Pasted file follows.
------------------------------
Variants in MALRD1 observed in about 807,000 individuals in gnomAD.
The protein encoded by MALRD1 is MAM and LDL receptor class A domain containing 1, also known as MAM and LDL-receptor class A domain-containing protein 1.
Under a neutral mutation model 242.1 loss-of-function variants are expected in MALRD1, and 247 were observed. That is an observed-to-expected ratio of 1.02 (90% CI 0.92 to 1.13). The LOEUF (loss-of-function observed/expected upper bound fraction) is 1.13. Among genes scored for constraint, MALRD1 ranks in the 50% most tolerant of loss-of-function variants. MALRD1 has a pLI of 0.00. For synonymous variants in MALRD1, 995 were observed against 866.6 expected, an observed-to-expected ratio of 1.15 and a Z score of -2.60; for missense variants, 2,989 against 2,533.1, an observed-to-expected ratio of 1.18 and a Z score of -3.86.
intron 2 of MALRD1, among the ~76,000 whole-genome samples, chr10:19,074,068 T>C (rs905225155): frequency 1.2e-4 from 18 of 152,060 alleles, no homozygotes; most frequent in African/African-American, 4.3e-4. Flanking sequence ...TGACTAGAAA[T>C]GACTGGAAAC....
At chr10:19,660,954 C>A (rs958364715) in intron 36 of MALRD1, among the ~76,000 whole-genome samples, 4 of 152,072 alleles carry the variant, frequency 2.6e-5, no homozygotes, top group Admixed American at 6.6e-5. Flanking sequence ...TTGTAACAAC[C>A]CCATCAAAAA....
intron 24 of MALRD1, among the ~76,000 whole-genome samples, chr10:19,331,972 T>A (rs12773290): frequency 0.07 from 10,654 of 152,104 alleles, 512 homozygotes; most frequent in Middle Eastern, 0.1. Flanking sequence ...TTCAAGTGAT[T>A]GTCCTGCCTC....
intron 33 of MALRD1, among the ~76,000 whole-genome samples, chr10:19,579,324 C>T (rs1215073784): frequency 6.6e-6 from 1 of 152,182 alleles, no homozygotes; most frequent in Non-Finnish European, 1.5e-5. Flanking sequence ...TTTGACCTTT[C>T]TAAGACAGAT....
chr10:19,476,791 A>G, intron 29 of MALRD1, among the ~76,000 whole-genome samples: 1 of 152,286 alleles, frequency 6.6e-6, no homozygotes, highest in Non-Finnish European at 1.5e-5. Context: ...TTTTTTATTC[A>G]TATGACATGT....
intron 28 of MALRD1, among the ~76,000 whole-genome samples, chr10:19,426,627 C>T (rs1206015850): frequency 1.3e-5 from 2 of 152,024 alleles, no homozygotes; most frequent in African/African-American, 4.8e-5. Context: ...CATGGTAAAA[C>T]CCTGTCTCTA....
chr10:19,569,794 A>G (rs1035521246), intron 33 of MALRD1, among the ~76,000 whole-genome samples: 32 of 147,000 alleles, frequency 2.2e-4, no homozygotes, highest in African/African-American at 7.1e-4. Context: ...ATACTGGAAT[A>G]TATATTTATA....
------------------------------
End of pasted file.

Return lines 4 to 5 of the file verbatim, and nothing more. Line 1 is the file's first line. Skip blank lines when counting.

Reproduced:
intron 2 of MALRD1, among the ~76,000 whole-genome samples, chr10:19,074,068 T>C (rs905225155): frequency 1.2e-4 from 18 of 152,060 alleles, no homozygotes; most frequent in African/African-American, 4.3e-4. Flanking sequence ...TGACTAGAAA[T>C]GACTGGAAAC....
At chr10:19,660,954 C>A (rs958364715) in intron 36 of MALRD1, among the ~76,000 whole-genome samples, 4 of 152,072 alleles carry the variant, frequency 2.6e-5, no homozygotes, top group Admixed American at 6.6e-5. Flanking sequence ...TTGTAACAAC[C>A]CCATCAAAAA....